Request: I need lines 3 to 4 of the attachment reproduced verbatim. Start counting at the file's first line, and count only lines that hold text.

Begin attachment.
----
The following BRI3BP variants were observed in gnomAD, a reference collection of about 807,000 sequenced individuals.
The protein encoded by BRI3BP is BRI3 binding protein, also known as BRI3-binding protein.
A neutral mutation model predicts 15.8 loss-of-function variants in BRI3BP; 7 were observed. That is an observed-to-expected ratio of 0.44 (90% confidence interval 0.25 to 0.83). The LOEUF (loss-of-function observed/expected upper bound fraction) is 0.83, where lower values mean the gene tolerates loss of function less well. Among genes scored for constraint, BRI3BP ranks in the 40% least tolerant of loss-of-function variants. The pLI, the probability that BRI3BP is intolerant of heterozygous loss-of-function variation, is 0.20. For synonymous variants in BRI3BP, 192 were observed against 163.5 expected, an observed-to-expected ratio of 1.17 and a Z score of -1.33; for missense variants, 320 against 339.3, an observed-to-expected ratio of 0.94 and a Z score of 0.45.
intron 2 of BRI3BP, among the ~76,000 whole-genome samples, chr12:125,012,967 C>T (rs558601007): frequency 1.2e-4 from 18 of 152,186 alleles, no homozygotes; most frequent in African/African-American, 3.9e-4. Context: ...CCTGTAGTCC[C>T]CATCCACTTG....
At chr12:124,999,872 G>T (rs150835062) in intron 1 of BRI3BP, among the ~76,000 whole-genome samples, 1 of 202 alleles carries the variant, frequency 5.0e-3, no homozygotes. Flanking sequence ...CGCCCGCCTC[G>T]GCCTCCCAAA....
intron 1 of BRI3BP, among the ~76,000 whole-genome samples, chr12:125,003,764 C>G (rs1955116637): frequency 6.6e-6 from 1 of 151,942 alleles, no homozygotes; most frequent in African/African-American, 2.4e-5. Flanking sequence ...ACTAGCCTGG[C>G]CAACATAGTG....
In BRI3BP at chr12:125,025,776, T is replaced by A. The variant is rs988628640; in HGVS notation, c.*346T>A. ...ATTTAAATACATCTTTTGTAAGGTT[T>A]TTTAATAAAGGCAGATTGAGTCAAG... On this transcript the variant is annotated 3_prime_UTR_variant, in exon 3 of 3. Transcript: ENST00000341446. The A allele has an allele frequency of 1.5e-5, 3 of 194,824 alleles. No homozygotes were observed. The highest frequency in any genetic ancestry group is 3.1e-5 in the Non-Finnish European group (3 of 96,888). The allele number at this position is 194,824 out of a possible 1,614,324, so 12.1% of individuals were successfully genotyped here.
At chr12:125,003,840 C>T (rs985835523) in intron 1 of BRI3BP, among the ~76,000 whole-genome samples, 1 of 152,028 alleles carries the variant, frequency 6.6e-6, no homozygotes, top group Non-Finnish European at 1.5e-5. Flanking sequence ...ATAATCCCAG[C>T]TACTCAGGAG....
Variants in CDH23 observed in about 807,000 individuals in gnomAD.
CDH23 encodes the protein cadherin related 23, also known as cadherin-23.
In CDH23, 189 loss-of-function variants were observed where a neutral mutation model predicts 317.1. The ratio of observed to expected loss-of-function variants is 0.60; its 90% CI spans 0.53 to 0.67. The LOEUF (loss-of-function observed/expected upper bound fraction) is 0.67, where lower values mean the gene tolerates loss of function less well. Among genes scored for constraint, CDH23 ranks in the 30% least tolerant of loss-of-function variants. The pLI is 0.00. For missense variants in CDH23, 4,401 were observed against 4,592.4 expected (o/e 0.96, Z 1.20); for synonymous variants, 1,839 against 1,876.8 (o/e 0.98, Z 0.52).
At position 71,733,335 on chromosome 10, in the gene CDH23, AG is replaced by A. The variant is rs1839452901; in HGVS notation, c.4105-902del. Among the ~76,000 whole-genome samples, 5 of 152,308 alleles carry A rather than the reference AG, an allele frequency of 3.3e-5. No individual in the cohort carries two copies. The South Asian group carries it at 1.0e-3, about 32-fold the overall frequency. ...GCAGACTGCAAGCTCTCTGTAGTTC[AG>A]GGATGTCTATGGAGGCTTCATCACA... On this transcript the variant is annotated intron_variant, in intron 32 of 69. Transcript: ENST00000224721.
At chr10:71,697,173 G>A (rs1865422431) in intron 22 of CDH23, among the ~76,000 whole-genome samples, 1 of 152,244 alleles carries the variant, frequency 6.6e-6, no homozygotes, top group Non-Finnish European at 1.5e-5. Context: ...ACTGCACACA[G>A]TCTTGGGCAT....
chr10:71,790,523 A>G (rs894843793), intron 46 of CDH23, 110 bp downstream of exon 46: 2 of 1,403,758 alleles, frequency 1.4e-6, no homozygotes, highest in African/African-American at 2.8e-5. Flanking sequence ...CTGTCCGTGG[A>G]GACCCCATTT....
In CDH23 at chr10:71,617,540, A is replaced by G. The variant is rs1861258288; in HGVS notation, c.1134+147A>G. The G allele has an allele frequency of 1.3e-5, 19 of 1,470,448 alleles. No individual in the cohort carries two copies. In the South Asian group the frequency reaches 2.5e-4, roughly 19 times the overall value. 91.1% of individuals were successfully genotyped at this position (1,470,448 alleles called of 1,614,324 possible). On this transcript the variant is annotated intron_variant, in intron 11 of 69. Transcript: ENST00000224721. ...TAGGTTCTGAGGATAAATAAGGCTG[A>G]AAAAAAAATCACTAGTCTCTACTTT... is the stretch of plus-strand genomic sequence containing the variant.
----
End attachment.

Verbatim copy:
A neutral mutation model predicts 15.8 loss-of-function variants in BRI3BP; 7 were observed. That is an observed-to-expected ratio of 0.44 (90% confidence interval 0.25 to 0.83). The LOEUF (loss-of-function observed/expected upper bound fraction) is 0.83, where lower values mean the gene tolerates loss of function less well. Among genes scored for constraint, BRI3BP ranks in the 40% least tolerant of loss-of-function variants. The pLI, the probability that BRI3BP is intolerant of heterozygous loss-of-function variation, is 0.20. For synonymous variants in BRI3BP, 192 were observed against 163.5 expected, an observed-to-expected ratio of 1.17 and a Z score of -1.33; for missense variants, 320 against 339.3, an observed-to-expected ratio of 0.94 and a Z score of 0.45.
intron 2 of BRI3BP, among the ~76,000 whole-genome samples, chr12:125,012,967 C>T (rs558601007): frequency 1.2e-4 from 18 of 152,186 alleles, no homozygotes; most frequent in African/African-American, 3.9e-4. Context: ...CCTGTAGTCC[C>T]CATCCACTTG....